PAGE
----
F.P. Journe Chronometre Bleu

£76,000
Interest Free Credit Available
  • Condition: Excellent
  • Model: -
  • Movement: Manual Wind
  • Strap Length: Adjustable
  • Scope: Box & Papers
  • Year: 2016
  • Case Width: 39mm
  • Listing ID: SD019311
Part Exchanging? Submit your watch.

Details

Model
Year
2016
Scope Original Box & Papers
Movement Manual Wind
Case Width 39mm
Strap Length
Adjustable
Listing ID
SD019311
Part Exchanging?
Submit your watch

If you were told 24 months ago that the next hottest watch was a time-only, slim and manually wound dress watch in an exotic material, you'd be forgiven for laughing. And yet, the Chronometre Bleu is now seen as the poster child of the independent watchmaking movement.

The first thing you notice about the watch is how strikingly blue the dial is. The lacquered dial is extremely reflective, and can appear wildly different depending on the angle of the light. The dial's high failure rate during manufacturing is one of the many reasons why only a few Chronometre Bleus are made each year, as it is understandably difficult to get it to Journe's exacting standards. The dial is complemented by ivory white numerals and hands, which give it a timeless yet contemporary feel.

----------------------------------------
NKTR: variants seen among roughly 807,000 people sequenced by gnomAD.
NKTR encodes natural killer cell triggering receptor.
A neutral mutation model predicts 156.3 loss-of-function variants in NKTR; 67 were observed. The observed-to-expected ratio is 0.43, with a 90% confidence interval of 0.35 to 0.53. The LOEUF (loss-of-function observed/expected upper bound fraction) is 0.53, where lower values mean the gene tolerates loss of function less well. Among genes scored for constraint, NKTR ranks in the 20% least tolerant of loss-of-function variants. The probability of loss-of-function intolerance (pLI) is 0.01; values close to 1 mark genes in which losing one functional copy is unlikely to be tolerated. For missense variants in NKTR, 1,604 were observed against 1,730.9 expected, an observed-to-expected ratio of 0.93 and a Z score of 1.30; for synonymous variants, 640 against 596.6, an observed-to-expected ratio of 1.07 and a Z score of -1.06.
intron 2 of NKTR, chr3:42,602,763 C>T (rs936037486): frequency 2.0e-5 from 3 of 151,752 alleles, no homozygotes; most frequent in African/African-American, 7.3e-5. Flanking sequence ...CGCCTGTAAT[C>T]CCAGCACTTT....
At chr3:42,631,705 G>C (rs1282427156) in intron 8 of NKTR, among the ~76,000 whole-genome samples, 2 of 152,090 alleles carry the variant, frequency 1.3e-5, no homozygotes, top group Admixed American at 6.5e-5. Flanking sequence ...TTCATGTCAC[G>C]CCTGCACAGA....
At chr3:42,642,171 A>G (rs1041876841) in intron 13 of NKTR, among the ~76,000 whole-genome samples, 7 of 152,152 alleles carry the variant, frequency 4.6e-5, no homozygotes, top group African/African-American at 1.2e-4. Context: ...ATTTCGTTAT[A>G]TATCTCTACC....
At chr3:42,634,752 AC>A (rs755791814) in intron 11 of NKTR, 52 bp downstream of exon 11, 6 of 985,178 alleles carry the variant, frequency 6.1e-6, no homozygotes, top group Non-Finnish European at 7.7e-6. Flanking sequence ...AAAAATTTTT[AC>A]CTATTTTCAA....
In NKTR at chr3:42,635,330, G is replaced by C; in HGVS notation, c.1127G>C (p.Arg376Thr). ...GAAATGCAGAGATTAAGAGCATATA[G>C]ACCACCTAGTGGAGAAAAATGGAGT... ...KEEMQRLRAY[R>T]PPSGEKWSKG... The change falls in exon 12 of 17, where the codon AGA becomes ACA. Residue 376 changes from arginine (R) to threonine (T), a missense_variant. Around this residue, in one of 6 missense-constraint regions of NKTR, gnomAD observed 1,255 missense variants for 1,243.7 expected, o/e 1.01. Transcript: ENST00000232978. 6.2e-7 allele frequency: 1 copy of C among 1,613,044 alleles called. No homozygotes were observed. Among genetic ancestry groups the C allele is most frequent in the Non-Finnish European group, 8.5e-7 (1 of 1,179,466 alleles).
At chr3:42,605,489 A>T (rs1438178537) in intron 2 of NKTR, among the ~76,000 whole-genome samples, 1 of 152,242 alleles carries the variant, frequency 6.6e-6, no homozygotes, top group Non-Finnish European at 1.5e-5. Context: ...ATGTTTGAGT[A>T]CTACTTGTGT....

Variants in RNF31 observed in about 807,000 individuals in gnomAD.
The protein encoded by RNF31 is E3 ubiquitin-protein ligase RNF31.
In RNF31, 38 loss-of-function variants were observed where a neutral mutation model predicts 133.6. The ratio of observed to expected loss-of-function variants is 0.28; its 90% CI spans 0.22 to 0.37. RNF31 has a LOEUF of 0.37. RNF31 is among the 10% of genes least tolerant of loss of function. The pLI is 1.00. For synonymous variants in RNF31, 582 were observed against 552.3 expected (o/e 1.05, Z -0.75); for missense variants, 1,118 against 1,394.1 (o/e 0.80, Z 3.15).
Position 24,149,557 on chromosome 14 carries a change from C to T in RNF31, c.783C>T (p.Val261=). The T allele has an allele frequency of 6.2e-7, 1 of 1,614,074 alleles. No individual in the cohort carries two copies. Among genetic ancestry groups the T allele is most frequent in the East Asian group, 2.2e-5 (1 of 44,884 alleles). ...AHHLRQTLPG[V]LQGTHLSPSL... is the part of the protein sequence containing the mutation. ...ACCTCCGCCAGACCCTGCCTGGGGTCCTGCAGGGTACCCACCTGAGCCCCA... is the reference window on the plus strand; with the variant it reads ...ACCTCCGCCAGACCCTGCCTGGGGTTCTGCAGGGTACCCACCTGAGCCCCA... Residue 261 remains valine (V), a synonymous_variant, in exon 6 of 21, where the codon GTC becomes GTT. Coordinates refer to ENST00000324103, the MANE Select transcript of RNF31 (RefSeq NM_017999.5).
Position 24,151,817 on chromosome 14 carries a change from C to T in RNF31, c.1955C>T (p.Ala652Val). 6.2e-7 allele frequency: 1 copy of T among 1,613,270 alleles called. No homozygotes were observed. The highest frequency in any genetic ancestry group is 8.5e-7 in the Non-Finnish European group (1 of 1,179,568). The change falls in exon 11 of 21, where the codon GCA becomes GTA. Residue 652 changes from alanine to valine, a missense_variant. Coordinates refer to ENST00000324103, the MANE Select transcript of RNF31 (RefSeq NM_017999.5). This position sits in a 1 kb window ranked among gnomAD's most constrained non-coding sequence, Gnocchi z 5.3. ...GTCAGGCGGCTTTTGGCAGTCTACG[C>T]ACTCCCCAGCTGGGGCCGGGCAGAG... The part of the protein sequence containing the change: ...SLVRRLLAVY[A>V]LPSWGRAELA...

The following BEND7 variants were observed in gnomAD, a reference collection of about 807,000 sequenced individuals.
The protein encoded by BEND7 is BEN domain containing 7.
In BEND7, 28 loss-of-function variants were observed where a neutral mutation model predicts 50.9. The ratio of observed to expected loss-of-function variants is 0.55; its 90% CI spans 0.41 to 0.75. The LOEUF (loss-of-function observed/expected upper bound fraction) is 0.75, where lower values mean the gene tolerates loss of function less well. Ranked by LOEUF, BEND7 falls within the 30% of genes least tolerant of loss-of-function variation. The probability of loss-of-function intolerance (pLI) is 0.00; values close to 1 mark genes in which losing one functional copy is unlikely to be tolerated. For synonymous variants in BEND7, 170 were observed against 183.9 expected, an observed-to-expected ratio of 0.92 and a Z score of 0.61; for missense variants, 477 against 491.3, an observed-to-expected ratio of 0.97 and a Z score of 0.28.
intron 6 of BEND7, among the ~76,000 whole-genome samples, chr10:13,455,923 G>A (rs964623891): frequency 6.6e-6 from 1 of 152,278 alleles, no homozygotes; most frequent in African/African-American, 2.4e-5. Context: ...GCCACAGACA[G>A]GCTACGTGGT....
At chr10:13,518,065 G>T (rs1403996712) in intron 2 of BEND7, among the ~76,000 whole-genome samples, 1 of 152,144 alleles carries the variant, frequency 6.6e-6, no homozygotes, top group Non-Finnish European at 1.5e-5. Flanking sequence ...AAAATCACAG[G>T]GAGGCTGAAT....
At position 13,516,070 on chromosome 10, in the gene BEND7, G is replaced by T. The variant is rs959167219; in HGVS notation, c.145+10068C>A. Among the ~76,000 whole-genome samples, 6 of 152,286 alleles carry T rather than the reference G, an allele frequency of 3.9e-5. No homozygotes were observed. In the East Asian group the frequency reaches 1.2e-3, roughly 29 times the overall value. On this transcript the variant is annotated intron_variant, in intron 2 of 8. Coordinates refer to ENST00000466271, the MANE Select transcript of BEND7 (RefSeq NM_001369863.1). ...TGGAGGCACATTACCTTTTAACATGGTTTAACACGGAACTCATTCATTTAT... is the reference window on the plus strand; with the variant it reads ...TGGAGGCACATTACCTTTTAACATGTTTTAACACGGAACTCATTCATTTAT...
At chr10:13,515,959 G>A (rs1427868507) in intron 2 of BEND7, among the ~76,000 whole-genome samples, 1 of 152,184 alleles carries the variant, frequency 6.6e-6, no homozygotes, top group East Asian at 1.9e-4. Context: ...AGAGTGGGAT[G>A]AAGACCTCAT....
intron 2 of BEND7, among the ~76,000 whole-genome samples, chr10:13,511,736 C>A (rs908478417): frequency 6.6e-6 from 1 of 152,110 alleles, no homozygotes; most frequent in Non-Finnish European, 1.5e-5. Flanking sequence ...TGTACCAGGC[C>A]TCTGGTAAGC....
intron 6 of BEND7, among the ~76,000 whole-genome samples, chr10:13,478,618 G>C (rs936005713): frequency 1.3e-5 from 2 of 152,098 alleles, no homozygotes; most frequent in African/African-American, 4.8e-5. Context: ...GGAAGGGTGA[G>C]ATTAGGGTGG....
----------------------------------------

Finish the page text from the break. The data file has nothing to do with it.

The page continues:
While the dial might be the most striking thing about the Chronometre Bleu, the feeling of it in your hand is a close second. This is the result of two things - the case metal, and the movement. The case is made of tantalum, an extremely dense and hard material which costs much more than steel or titanium to work with. Secondly, the movement is crafted from solid rose gold, rather than being merely plated.

As a result of this, the Chronometre Bleu is one of the few highly popular watches whose attributes alone (rather than history or availability) can still justify the cost of purchasing one pre-owned.

This Journe has clearly been worn, but remains in excellent condition with some marks on the tantalum case and buckle. There is one very small speck of dust under the dial at 2 o'clock, and the sub-seconds hand has some marks - both of these can only be spotted under intense magnification.

The watch comes with its original inner and outer box set, spare brown strap, instruction booklets, polishing cloth, guarantee card holder with USB stick and original guarantee card.

FP JOURNE